Life With Louie

Where You Can Watch It: Available to watch on YouTube

Although his 1996 live-action CBS series "The Louie Show" (which Anderson co-created and starred in) only ran for six episodes before being canceled, Anderson enjoyed far more success with his other '90s sitcom, "Life with Louie." A semi-autobiographical animated show that Anderson co-created for Fox, "Life with Louie" centered on the comedian's life as an eight-year-old growing up with his family in 1960s Wisconsin (where in real life, as mentioned earlier, Anderson came of age in Minnesota). The series ran for three seasons from 1994-98 and garnered numerous accolades before gaining semi-cult status in later years. It also aired as part of Fox Kids on the weekends for much of its run, making it the rare old-school Saturday morning cartoon with real emotional depth and deeper meaning beneath its family-friendly shenanigans. Anderson also lent his voice to "Life with Louie" as not just its narrator but also his younger self and his on-screen father, which further goes to show how meaningful it was to him.


Where You Can Watch It: Streaming on Hulu

Historically speaking, when a cisgender male actor has played a cisgender woman in a film or TV show, it's meant to be a joke in and of itself. However, that was anything but the case with Anderson's role on "Baskets," the FX dramedy series co-created by and starring Zach Galifianakis as Chip Baskets, a grown man who tries but struggles to make a living as a professional clown. Anderson co-starred on the show as Chip's mother Christine, delivering a performance that was heavily influenced by his own real-life mom and allowed him to further pay his respects to her. His sincerity also imbued the character with a sense of authenticity and resulted in him landing a pair of Emmy nods, as well as a win for Outstanding Supporting Actor in a Comedy Series in 2016. But more importantly than that, it gave rise to an onscreen mother-son relationship that was as funny as it was touching.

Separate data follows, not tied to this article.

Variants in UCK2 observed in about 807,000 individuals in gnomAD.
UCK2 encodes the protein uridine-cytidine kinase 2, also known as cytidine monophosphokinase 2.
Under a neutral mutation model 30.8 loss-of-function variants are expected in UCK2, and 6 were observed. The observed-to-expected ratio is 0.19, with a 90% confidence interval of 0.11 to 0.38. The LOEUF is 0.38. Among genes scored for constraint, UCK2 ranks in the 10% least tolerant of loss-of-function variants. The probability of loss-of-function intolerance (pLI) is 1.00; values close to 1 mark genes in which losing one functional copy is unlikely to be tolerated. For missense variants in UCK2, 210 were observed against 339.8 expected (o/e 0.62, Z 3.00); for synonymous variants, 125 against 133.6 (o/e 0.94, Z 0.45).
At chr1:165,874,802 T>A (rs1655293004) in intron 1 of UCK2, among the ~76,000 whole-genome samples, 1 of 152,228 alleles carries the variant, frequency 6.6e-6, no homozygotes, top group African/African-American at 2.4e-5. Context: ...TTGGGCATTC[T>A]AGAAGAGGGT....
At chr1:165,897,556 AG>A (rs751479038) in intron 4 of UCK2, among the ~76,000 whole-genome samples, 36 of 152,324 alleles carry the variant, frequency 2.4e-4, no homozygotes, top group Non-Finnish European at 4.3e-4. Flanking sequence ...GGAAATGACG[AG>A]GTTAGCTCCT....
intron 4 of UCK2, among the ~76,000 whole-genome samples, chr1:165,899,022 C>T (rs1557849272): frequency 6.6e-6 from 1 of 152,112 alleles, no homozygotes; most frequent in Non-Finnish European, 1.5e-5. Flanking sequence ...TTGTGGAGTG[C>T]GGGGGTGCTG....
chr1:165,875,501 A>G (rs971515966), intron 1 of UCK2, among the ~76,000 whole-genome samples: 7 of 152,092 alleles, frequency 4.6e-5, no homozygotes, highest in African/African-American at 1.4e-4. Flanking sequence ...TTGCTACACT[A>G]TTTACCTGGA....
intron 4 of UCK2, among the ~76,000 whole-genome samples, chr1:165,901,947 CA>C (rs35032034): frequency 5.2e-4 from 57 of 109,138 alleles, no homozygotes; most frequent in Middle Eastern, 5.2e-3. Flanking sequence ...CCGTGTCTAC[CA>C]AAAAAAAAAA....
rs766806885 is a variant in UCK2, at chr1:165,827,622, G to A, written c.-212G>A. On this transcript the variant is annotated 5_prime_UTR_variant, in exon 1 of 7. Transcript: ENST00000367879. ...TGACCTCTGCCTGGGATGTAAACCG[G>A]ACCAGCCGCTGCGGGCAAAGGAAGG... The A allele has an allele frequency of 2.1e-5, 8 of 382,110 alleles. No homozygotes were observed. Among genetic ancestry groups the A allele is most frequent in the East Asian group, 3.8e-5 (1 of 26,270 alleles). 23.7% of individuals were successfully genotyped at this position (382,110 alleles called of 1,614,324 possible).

Louie Anderson: Big Underwear

Where You Can Watch It: Streaming on Prime Video

Anderson's sixth and last stand-up comedy special, "Big Underwear," released in 2018 and, in many ways, served as the culmination of his career. Per its official synopsis, the recorded show had Anderson tackling "topics like the challenges of getting healthy, life on the road, dealing with technology and how we all eventually become our parents." After a lifetime of cracking jokes about his parents and how he saw them growing up, "Big Underwear" gave him a chance to reflect on them and how they shaped him into person he would become from an older, more knowing point of view. (And after he had spent years portraying partly-fictionalized versions of them on TV, no less.) It's sad that the special has to serve as his unexpected swan song, but for an artist who made his living using comedy to cushion the hardships of his life, it's perhaps only fitting that he should make us laugh and cry one last time.